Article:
HOUSTON, Texas (KTRK) -- One child is still in the hospital after a church bus carrying 16 people flipped over in east Harris County Sunday afternoon.
Seven-year-old Jazzylnne has a large gash on her forehead with staples and stitches after she slammed into the bus window and the ground.
"It upsets me because this could have all been prevented," her mother, Sasha Graham, said. "It's wrong. She is working. She's not going to look the same. She doesn't want to go to church anymore. It impacts them."
Jazzylnne takes the bus home from church with her 10-year-old sister, Jada, every Wednesday and Thursday.
The bus was coming from Mount Zion Baptist Church, and according to the pastor, the drivers are volunteers who help people get to and from the services.
According to the Harris County Sheriff's Office, as the driver was dropping people off near an apartment complex at 90 Uvalde Road, he failed to control speed while negotiating the curve, causing the bus to roll on its side.
The speed limit was 30 mph, and witnesses told investigators the driver was going about 50 mph, according to HCSO Lt. Simon Cheng.
All 12 children, ranging from 1 to 16 years old, and three adult passengers onboard were taken to the hospital, according to deputies.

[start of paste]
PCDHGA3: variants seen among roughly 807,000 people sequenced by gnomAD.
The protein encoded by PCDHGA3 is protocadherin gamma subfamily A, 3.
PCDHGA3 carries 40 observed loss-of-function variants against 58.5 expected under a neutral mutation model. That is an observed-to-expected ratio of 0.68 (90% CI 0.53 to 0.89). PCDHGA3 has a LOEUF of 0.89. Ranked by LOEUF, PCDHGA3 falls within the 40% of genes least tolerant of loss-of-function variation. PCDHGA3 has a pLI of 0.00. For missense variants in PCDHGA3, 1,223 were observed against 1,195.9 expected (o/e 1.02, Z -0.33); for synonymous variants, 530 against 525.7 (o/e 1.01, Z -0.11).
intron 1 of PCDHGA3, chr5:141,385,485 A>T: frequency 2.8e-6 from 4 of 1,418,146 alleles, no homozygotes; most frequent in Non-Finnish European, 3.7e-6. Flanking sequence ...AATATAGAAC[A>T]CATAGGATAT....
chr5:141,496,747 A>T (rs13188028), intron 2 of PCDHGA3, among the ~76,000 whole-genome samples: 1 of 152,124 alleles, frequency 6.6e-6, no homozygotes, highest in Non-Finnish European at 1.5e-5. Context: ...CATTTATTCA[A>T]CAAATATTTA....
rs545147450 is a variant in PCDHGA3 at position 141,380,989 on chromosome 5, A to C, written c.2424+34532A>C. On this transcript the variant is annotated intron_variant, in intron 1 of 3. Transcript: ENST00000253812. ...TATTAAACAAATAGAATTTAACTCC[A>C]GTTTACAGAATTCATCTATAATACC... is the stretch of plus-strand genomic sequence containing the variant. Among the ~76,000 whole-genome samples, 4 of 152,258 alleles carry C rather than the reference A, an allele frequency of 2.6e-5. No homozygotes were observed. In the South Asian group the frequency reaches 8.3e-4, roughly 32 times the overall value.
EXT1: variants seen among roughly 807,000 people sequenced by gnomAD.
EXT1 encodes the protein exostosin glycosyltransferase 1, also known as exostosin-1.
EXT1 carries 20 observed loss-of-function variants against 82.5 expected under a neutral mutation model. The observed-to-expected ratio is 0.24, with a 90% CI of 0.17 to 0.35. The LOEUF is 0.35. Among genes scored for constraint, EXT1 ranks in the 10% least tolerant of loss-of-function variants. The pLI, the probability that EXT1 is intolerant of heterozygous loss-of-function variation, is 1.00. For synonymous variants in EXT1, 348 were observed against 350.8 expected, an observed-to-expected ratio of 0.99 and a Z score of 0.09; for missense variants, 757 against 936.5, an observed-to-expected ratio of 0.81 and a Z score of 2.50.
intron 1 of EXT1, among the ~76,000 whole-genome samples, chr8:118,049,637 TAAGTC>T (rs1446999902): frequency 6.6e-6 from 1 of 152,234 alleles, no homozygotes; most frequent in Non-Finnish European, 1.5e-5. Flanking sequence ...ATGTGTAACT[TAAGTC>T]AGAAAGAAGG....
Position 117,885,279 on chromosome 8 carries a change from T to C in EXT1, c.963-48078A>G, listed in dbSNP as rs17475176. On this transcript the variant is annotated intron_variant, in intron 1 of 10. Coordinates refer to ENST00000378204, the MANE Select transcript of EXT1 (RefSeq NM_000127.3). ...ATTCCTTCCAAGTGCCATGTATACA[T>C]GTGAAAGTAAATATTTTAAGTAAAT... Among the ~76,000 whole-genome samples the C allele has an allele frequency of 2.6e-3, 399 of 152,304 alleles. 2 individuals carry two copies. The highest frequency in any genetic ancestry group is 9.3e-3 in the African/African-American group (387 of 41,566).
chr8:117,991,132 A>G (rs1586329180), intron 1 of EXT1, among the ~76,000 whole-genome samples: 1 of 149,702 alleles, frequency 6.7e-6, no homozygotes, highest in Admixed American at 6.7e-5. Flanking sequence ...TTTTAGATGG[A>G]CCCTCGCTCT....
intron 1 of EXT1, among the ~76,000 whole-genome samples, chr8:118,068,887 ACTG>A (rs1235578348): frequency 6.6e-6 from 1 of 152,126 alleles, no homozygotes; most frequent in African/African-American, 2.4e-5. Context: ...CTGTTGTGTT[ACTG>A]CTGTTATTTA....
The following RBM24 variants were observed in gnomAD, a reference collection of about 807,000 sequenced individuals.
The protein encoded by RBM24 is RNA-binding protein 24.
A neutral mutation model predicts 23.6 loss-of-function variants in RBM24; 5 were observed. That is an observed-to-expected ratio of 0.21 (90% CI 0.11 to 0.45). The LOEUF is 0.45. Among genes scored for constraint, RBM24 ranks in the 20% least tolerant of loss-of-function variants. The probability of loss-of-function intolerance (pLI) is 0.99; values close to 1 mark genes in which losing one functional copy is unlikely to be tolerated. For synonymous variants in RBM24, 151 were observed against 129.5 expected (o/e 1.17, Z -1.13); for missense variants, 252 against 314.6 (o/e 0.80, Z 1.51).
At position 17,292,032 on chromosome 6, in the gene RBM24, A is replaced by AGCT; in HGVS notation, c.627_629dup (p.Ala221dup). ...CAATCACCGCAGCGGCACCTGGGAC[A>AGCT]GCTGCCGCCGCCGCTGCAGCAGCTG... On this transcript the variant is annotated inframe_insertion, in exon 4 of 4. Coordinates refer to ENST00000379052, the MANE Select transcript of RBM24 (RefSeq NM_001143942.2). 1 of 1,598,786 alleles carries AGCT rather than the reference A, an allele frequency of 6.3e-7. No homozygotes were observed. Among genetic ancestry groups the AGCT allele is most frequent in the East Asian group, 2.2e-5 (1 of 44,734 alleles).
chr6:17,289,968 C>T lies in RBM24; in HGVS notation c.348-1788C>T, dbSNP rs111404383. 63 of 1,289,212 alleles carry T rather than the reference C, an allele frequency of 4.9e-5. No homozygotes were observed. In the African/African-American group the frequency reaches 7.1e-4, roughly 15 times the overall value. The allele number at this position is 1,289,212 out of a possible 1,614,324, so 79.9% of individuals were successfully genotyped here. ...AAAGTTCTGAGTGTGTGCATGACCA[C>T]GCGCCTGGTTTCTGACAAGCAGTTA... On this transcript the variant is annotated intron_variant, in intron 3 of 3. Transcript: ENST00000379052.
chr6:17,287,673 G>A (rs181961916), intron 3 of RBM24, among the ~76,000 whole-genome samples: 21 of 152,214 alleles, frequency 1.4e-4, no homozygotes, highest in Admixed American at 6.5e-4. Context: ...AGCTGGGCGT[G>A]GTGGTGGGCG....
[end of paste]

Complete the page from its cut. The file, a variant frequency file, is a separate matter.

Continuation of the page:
One child is still in the hospital in stable condition, and 15 others, including the driver, are recovering at home.
Jazzylnne and Jada told Eyewitness News they remembered the driver speeding before the bus flipped.
"Someone grabbed me, and I went and grabbed my sister, and they pulled me out," Jazzylnne said.
Jada's arm was stuck through the window, and Jazzylnne said that was all she could think about while she was transported to the hospital.
"(Jazzylnne) told me, 'I love you,'" Jada recalled.
Both sisters are back at home recovering, but their mother wants the driver to be held accountable.
"What if she couldn't come home?" Graham asked. "They almost thought she had a broken neck. That would have changed their whole life."
The 42-year-old driver has not been charged. However, according to Cheng, the driver will most likely face a reckless driving charge, a class B misdemeanor criminal charge. Deputies said they are trying to pinpoint the best provable speed.
"Let's say someone reported he was speeding. We know it meets the sped-over-limit offense," Cheng said. "We want to present a better case to the District Attorney's Office and file the highest charge we can. We don't want to jump the gun. With the corroboration from witnesses, knowing the speed based on the evidence, the speed limit in the area, and articulating how reckless the movement of the vehicle was in that area will all lend toward a better reckless driving charge."
Deputies will be looking into whether the bus had a data recorder and analyzing evidence like the tire marks when determining the speed.
According to deputies, the driver does not have any history of traffic citations or previous driving-related charges.